With 54% of the stocks in the Motley Fool CAPS Screener database within 10% or less of a new 52-week high, I’m beginning to think that not even the kitchen sink can stop this rally. For skeptics like me, that’s an opportunity to see whether companies have earned their current valuations.
Keep in mind that some companies deserve their current valuations. Take The Goodyear Tire & Rubber Company (NASDAQ:GT) as a perfect example. The Goodyear Tire & Rubber Company (NASDAQ:GT) pumped up profits in the second quarter thanks to a 42% boost in income in Latin America and easily soared past the Street’s EPS forecast by $0.28 per share. Furthermore, The Goodyear Tire & Rubber Company (NASDAQ:GT) guided toward the high end of its previous operating income forecast, signaling that auto sales may help improve weak tire volumes. With rubber prices still well under control, The Goodyear Tire & Rubber Company (NASDAQ:GT) is a cash flow juggernaut that cannot be counted out, even at a 52-week high.
Still, other companies might deserve a kick in the pants. Here’s a look at three companies that could be worth selling.
My fellow Fools have been all over this wet noodle, but I haven’t had my say on Noodles & Co. just yet. Debuting just weeks ago, Noodles & Co., a fast-food chain of close to 350 restaurants that serves up (you guessed it!) pasta dishes as well as sandwiches, soups, and salads, more than doubled on the day of its IPO, with shares soaring an additional 20% since then. Just what are they putting in the pasta at Noodles & Co.? Nothing tangible for investors, I’d say!
I’m sort of at a loss to begin because there are so many issues to tackle. How about a lack of geographical diversity, for one thing? Noodles & Co. has restaurants in 25 of 50 states (and the District of Columbia), but 74% of its restaurants are piled into just nine states! If you look at their geographic breakdown in their S-1 prospectus (page 69 for those interested), it’s as if they purposely tried to cram restaurants into states that offer the worst winter weather. Even Panera Bread Co (NASDAQ:PNRA) occasionally finds its sales at the mercy of Mother Nature. With winter so bleak in many of the states Noodles & Co. operates in, I can’t foresee many years of exceptional growth ahead.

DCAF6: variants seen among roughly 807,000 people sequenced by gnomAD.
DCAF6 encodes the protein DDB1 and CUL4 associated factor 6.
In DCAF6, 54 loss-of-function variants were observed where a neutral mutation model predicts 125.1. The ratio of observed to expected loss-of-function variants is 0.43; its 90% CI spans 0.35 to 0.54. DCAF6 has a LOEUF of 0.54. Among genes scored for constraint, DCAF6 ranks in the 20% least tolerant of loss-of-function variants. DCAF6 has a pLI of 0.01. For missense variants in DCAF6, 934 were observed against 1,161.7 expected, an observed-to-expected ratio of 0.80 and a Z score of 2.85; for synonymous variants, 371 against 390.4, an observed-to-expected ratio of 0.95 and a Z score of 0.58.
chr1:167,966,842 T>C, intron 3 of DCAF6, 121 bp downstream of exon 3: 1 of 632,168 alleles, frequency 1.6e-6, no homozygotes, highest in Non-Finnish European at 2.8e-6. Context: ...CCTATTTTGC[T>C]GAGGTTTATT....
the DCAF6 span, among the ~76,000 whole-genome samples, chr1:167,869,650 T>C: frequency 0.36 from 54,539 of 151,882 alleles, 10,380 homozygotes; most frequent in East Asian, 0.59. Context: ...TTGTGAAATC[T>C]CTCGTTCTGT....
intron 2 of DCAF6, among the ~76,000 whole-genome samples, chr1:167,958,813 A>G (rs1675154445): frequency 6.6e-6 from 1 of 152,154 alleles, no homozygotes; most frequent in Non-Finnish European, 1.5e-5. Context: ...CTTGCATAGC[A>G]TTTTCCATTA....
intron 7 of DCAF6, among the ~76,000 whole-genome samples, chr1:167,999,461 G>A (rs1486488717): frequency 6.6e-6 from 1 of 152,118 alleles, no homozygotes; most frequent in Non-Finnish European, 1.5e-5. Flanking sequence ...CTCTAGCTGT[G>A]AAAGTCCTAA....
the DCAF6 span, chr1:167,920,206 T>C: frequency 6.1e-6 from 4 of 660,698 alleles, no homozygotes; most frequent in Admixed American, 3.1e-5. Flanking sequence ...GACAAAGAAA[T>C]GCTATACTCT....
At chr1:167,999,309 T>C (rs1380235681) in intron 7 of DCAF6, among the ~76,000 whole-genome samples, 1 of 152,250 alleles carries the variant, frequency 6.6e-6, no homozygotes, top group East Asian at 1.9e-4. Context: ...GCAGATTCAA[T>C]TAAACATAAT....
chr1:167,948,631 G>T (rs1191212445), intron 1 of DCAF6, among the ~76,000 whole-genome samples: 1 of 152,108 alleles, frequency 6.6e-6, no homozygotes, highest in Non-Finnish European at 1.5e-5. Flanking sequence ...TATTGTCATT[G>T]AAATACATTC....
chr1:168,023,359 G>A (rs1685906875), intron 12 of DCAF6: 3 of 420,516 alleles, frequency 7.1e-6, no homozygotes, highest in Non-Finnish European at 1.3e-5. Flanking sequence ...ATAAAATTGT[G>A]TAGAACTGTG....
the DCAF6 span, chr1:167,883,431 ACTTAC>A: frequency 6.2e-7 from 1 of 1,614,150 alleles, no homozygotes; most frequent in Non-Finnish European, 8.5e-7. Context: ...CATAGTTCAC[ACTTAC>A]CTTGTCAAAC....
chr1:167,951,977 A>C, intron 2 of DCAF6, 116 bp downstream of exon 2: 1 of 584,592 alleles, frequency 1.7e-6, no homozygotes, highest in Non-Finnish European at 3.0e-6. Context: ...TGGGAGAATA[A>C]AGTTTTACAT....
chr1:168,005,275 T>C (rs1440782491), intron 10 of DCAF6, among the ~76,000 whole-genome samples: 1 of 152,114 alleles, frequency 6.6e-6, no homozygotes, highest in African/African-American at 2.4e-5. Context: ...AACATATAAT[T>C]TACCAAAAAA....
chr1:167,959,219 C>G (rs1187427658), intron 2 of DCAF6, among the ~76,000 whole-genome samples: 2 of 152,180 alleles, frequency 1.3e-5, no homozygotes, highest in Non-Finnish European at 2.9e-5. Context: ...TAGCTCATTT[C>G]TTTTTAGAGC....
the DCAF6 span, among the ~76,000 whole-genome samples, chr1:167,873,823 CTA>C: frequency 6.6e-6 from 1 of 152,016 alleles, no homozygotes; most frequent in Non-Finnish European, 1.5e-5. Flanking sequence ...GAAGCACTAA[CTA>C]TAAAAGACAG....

That leads me to my next point: a lack of same-store sales growth. In the same prospectus, Noodles & Co. points out how it’s grown the number of new stores by an average of 16% per year since 2004. However, revenue has jumped by just 15.2% since 2008. That would basically imply that adding stores is the only reason sales are improving, and that average revenue from existing stores is failing to keep up with expansion.
With projections this year of roughly $353 million in revenue and about 350 restaurants, Noodles & Co. is bringing in an average of just above $1 million per store but raked in less than $14,000 in average profit per store over a trailing-12-month period. By contrast, Panera Bread Co (NASDAQ:PNRA), with its 1,708 stores as of the end of the second quarter, is more geographically diverse, is forecast to bring in an average of $1.41 million per store this year, and generated an average of nearly $110,000 in profit per store over the trailing-12-month period.
At nearly 80 times next year’s projected profits, this is one IPO to leave on the stove as it’s clearly too hot the handle.